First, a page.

Think about what the user wants (and not what’s fun to develop)
- Often times developers focus more on what’s fun from them, instead of priorities.
- This is especially true when uncertainty comes in. People look at problem from their own perspective.
- Therfor, always make sure you understand the problem the client is trying to solve.
Pitch fun to develop to clients
- Over the time the team gets to know the product better and better and might become “users” of the product to.
- Start from a POC and pitch a feature that is fun to developer, to generate new business and excitement for the team.
Async communication works better than you might first think
- Documentation when
- Someone forgot something
- Someone is sick/in another meeting
- If you - for some reason - cannot make it to the standup, you can still send what you are working on or thing you are stuck with and read the updates from others, to make sure you and nobody is blocked
Have an up-to-date ticket description
- Sometimes it’s not clear how to solve a bug or work on an issue. If that’s the case, the issue comment section is usually a great place to start asking a question. If the conversation turns into a Ping-Pong, where two or more people are constantly sending issues back-and-forth, get these people together. This can be in a chat room or a virtual hangout.
- After the hangout or chat, write down the essence of the conversation and post this into a less fleeting communication channel, such as the issue description.
Ask questions in public channels
- Instead of sending a DM to someone from the team, try to ask for help in a public channel. If the person you are asked help from is busy, someone else might jump into the conversation to help you
- Another benefit is that the answer become visible to the entire time. Say you run into a bug. Chances are someone else from the team might run into the same issue later. If it was posted in a public channel, the might have seen the issue and recognise immediately how to solve it. They can even search for their bug.
Do more meetings, but shorter and with preparation
- Nobody likes to sit still for one hour
- Do meeting of maximum half an hour
- Get people to prepare for the meeting
- For a retrospective meeting - explain the concept and get people to prepare for the meeting
- The preparation can already begin at the start of the sprint - get the people on board with the retro that will happen in two weeks so they can prepare in advance: write down frustrations when they occur, take notes on success when things work smoothly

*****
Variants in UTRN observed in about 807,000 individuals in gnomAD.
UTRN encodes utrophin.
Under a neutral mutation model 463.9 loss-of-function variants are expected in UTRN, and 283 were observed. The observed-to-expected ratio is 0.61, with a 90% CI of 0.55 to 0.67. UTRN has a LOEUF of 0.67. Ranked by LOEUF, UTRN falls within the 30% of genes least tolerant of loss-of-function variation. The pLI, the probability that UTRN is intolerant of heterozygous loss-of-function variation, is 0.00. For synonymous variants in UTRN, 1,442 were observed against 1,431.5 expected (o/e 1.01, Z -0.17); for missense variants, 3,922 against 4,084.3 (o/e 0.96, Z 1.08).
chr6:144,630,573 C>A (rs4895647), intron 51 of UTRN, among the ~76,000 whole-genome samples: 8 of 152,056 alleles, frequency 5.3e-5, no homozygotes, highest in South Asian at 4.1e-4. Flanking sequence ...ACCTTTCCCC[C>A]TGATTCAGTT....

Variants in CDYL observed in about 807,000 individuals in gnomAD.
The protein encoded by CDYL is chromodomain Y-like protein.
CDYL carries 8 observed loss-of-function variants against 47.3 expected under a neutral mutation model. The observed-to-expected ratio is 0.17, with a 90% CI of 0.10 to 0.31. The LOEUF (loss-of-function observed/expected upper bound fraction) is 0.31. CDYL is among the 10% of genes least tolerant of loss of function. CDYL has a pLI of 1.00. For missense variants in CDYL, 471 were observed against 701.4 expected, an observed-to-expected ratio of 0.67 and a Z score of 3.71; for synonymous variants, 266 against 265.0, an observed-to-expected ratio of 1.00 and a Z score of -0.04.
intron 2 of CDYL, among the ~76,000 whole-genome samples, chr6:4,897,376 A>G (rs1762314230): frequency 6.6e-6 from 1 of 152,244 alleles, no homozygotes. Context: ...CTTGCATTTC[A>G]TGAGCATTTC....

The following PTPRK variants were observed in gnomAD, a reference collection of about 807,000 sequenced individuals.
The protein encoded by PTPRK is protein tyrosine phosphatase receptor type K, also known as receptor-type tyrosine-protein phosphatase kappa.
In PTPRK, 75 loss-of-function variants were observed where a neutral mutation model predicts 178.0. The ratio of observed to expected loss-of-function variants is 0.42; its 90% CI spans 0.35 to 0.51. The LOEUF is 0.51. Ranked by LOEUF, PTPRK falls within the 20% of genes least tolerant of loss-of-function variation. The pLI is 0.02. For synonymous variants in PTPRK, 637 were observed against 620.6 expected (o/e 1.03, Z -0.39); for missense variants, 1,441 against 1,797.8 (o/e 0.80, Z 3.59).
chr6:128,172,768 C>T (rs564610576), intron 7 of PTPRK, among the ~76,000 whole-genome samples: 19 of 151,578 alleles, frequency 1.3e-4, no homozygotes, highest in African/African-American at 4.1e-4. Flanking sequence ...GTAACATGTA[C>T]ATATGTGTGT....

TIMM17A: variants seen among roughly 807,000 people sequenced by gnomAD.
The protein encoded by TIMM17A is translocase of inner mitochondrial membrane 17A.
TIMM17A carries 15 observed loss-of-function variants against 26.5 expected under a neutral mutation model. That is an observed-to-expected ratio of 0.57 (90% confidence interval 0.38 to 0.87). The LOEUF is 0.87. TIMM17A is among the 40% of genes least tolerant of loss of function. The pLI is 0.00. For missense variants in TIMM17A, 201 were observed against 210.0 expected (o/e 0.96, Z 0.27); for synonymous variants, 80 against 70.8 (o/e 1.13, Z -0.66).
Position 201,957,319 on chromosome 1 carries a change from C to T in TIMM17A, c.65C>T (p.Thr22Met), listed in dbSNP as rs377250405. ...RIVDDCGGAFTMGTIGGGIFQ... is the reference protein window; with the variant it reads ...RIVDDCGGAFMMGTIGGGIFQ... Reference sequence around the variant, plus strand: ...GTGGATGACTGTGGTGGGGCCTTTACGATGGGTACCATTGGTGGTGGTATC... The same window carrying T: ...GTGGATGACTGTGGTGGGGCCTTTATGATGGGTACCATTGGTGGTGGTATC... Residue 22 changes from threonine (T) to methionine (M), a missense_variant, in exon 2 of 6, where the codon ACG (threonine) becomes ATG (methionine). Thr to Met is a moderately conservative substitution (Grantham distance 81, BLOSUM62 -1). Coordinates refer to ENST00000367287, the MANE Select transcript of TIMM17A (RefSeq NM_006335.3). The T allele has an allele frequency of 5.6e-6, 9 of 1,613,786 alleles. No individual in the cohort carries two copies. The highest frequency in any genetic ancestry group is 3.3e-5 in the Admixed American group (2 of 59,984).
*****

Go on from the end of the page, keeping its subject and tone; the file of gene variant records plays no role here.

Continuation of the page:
Write down responsibilities
- I worked with teams where some responsibilities were unclear. Who is responsible for what? When it comes to making technical decisions, who will gather pro’s and con’s and steer the team in the write direction?
Communicate your frustrations
- Sometimes people have different opinions, ways of working and/or ways of communicating thing. A frustrations might just occur when someone is having a bad day. However, if you feel like it’s hard to work together with someone, talk to that person about it. People have the tendency to talk to other about this. “Don’t you find X hard to work with?” - “Wow, X is having a bad day right?!” - “I cannot work with X anymore!”
- While talking to a third person can be good to get some more insight and get someone to listen to you, the best thing to do is think about what your frustration is about and tell that person about it. The sooner, the better - to avoid “well that escalated quickly” 😀
Take a deep breath
Mindfulness might not be for everyone, but by taking a deep breath you tell your body to relax. Try to find a moment to take a deep breath from time to time. Even better: make a habit. Since habits last longer when you connect them, try to link taking a deep breath to some actions you do (almost) every day. Before every standup, after every meeting, every time when you sit down or every time you stand up. Breath in … and breath out.
Take refactoring (and tech dept) into account
Sometimes a feature take longer than the team anticipated. This can get frustrated for everyone. It’s get’s more frustrating when - due to an incorrect estimate - there is no more time to refactor the new code. The developers will, from then on, have a hard time implementing new features.
- The end of a successful sprint
- The launch of a product
- Fixing a bug after searching for x days
- Don’t forget to celebrate success, even when working remote. Get people excited.